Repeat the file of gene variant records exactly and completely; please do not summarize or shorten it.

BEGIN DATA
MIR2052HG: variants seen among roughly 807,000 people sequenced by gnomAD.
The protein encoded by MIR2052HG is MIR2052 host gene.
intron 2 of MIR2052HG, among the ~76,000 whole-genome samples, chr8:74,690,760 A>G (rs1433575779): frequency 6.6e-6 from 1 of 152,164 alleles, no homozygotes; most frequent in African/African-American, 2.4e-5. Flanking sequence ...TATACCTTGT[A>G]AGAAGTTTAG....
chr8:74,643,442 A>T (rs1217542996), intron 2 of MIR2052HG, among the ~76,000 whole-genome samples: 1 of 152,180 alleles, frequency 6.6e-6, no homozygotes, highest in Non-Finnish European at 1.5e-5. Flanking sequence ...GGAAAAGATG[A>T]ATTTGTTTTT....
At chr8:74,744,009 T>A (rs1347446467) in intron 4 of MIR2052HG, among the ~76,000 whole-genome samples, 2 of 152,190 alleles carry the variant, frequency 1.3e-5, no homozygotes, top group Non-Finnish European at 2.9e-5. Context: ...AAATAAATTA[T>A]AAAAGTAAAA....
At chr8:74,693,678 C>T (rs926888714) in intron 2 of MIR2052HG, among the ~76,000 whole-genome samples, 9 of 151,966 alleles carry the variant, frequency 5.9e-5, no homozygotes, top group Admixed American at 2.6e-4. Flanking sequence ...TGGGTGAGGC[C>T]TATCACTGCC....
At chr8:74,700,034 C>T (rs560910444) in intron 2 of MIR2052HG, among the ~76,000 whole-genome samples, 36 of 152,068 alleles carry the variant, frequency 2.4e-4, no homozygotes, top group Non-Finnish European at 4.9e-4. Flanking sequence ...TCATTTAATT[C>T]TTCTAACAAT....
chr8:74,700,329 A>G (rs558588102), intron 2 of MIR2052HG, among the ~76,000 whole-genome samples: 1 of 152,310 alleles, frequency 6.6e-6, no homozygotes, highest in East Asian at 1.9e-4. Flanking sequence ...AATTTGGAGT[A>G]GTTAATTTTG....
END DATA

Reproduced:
MIR2052HG: variants seen among roughly 807,000 people sequenced by gnomAD.
The protein encoded by MIR2052HG is MIR2052 host gene.
intron 2 of MIR2052HG, among the ~76,000 whole-genome samples, chr8:74,690,760 A>G (rs1433575779): frequency 6.6e-6 from 1 of 152,164 alleles, no homozygotes; most frequent in African/African-American, 2.4e-5. Flanking sequence ...TATACCTTGT[A>G]AGAAGTTTAG....
chr8:74,643,442 A>T (rs1217542996), intron 2 of MIR2052HG, among the ~76,000 whole-genome samples: 1 of 152,180 alleles, frequency 6.6e-6, no homozygotes, highest in Non-Finnish European at 1.5e-5. Flanking sequence ...GGAAAAGATG[A>T]ATTTGTTTTT....
At chr8:74,744,009 T>A (rs1347446467) in intron 4 of MIR2052HG, among the ~76,000 whole-genome samples, 2 of 152,190 alleles carry the variant, frequency 1.3e-5, no homozygotes, top group Non-Finnish European at 2.9e-5. Context: ...AAATAAATTA[T>A]AAAAGTAAAA....
At chr8:74,693,678 C>T (rs926888714) in intron 2 of MIR2052HG, among the ~76,000 whole-genome samples, 9 of 151,966 alleles carry the variant, frequency 5.9e-5, no homozygotes, top group Admixed American at 2.6e-4. Flanking sequence ...TGGGTGAGGC[C>T]TATCACTGCC....
At chr8:74,700,034 C>T (rs560910444) in intron 2 of MIR2052HG, among the ~76,000 whole-genome samples, 36 of 152,068 alleles carry the variant, frequency 2.4e-4, no homozygotes, top group Non-Finnish European at 4.9e-4. Flanking sequence ...TCATTTAATT[C>T]TTCTAACAAT....
chr8:74,700,329 A>G (rs558588102), intron 2 of MIR2052HG, among the ~76,000 whole-genome samples: 1 of 152,310 alleles, frequency 6.6e-6, no homozygotes, highest in East Asian at 1.9e-4. Flanking sequence ...AATTTGGAGT[A>G]GTTAATTTTG....